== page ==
Shanghai Conservatory of Music creates cross-culture music of harmony
Musicians of the C asean Consonant ensemble and composers of the Shanghai Conservatory of Music posed for a group photo after a cross-culture concert at the Shanghai school on May 15th, 2017. In the center holding a bunch of flowers is conductor Cai Jindong. Music director of the ensemble Anant Narkkong stands second right from him. [photo: provided by the Shanghai Conservatory of Music]
Music is widely regarded as a universal language, but even so, different nations still have different musical forms and traditions.
The huge variety of distinct musical traditions has undoubtedly provided a wealth of resources for today’s composers to explore.
Yet there are still cultural and musical gaps. And composers and other musicians are being called upon to bridge them.
Students and young composers from the Shanghai Conservatory of Music have been at the forefront of exploring such cross-culture resources and reducing these cultural gaps.
Their latest efforts saw them work with a traditional music ensemble from Southeast Asia at a rare cross-culture concert on May 15th, 2017.
The performance was given at the He Lvting Concert Hall at the Shanghai Conservatory of Music in the center of one of the most dynamic and wealthy metropolises in China.
While the concert was regarded as a success, it still raised many questions for its participants, who have to answer them before they can create their own influential musical products.
The Shanghai Conservatory of Music, situated in the old districts of Shanghai, is one of the centers of professional musical education in China. [photo: provided by the Shanghai Conservatory of Music]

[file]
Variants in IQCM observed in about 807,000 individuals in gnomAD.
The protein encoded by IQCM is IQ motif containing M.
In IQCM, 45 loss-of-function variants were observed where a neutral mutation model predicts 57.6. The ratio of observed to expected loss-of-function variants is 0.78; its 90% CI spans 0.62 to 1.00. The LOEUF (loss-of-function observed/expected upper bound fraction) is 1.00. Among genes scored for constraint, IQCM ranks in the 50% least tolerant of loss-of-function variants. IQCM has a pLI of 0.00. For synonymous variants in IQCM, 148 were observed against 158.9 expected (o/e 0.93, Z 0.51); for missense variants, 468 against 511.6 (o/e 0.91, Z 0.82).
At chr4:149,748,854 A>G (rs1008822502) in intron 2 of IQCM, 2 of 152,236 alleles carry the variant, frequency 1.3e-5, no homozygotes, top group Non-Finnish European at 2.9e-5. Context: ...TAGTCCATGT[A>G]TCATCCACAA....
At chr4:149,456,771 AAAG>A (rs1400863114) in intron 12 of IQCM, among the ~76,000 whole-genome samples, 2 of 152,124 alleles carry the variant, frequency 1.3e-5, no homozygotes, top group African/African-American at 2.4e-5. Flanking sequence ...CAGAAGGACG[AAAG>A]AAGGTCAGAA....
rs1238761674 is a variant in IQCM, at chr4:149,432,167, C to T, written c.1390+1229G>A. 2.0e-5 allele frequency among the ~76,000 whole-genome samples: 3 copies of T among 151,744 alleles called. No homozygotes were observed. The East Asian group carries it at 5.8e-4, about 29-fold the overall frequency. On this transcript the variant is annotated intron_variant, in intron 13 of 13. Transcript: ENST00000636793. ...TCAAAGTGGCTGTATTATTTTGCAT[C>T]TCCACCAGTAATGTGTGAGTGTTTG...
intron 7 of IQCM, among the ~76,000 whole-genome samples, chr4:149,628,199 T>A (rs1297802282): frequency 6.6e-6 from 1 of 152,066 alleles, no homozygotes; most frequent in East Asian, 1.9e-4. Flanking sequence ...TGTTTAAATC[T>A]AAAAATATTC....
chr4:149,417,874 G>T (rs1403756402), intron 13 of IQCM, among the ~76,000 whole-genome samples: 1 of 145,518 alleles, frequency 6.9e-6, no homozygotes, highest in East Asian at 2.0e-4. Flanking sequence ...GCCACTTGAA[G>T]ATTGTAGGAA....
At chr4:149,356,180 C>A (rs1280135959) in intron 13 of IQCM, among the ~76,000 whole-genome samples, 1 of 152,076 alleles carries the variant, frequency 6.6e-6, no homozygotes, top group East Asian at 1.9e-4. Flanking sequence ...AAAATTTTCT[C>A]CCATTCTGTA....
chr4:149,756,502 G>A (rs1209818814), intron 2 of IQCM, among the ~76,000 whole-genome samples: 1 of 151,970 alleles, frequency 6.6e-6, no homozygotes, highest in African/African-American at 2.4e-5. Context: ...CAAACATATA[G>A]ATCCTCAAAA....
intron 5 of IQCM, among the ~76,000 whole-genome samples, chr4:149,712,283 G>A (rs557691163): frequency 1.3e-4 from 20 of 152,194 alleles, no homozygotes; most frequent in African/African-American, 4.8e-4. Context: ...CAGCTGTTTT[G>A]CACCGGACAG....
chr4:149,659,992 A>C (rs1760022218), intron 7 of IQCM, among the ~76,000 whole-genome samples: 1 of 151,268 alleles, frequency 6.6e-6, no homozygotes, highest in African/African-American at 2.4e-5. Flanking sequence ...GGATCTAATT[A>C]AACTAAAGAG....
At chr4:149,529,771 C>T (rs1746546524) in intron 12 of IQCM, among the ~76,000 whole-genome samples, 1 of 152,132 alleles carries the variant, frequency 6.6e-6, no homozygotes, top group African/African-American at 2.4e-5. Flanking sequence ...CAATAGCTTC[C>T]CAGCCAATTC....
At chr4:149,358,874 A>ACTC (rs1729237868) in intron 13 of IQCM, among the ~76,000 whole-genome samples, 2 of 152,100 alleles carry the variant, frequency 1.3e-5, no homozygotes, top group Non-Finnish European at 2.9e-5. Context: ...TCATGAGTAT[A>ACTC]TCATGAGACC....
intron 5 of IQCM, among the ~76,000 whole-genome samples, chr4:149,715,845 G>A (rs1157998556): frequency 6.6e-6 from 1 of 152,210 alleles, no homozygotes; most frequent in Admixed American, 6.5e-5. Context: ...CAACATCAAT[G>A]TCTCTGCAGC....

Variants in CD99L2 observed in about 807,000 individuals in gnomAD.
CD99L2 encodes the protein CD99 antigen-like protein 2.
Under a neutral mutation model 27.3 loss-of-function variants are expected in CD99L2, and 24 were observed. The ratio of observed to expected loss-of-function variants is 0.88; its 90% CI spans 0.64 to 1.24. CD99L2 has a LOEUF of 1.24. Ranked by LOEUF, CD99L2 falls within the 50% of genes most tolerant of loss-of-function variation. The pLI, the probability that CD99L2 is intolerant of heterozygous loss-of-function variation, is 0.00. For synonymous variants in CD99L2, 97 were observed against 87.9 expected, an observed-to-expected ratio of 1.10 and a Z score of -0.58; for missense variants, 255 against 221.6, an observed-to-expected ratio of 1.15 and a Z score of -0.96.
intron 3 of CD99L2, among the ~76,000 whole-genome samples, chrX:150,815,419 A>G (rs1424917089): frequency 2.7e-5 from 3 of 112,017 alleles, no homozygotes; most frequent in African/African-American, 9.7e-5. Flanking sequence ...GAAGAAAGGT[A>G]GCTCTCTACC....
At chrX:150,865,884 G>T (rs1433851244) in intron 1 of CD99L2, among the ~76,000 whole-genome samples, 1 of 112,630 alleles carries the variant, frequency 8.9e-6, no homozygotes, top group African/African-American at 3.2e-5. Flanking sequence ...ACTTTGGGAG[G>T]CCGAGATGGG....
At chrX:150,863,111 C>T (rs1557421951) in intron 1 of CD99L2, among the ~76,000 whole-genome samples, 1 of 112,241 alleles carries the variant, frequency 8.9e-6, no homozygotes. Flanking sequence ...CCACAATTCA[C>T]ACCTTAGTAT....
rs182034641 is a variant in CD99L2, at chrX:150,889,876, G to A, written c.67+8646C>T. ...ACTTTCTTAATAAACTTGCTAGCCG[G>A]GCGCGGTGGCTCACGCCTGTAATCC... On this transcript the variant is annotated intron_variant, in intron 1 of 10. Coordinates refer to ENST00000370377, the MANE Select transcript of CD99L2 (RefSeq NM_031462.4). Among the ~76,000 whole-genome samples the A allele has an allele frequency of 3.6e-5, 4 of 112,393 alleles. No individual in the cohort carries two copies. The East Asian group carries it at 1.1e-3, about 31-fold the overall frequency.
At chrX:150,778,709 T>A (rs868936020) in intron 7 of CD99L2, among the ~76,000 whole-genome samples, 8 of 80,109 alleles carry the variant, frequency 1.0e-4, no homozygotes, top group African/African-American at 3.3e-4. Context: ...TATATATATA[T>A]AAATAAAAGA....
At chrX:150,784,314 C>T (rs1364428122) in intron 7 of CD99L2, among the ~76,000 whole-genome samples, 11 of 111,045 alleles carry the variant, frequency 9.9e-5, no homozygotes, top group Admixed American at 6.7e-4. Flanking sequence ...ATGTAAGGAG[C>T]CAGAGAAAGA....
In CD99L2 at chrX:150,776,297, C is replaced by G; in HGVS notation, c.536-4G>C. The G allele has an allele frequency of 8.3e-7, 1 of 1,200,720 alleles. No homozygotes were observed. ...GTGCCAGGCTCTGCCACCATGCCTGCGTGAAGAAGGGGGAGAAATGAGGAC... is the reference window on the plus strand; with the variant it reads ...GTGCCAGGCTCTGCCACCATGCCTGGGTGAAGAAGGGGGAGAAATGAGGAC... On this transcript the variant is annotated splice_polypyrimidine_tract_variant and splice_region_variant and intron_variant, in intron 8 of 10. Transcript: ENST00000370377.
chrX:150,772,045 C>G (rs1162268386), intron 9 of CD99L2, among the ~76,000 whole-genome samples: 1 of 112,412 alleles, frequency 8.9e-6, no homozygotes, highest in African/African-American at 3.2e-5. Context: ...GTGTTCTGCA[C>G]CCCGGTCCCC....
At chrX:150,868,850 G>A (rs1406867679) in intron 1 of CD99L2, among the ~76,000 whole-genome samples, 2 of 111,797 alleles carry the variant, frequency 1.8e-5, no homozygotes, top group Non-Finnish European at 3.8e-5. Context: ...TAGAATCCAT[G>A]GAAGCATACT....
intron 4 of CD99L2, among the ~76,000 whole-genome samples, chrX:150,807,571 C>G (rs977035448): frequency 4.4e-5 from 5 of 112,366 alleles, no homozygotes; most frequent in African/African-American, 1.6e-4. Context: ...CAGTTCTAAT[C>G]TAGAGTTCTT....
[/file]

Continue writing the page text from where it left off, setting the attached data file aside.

On a spring or early summer's day, the winding, narrow streets of the old districts of Shanghai are often pleasing to wander down, to either a cozy historic building or an exquisite cultural facility veiled by trees.
If you were wandering past the Shanghai Conservatory of Music, just along the Fenyang Road, you probably wouldn't miss it.
As a pioneer of modern music education in China, the school dates its origins back to 1927, in the midst of a tumultuous era of war and turmoil and also the early modernization of the nation.
Now, 90 years on, the school has become one of the centers of professional musical education in China.
One cool, early summer night – May the 15th, 2017 to be precise – I stepped into its small campus, to hear beautiful sounds filling the air as students and teachers practiced before an evening concert.
The concert, called “Friendship beyond Frontier, the Harmonious Spirit of China-ASEAN,” was a rare experience for both its participants and for concertgoers like me.
The performance was given by “the C asean Consonant”, a traditional music ensemble from Southeast Asia. It was the first to be staged in China by the ensemble, which was only founded in 2015.
Altogether 13 new pieces of music, all created by students and other young composers from the Shanghai Conservatory of Music, were played at the concert.
ASEAN and Chinese musicians co-played at the concert—all of its 13 pieces of music were especially created by students and other young composers from the Shanghai school. [photo: provided by the Shanghai Conservatory of Music]
As an experiment in cross-culture exchanges, the composers integrated traditional Southeast Asian and Chinese music elements into their works.
One of them—Yingya Dance was written by 38-year-old Wang Shu, a composition teacher at the Shanghai school.
Wang says he got the idea for the work after reading Yingya Shenglan, a Chinese book written by a navigator in the mid-15th century, in which the geography and customs of Southeast Asia are explored.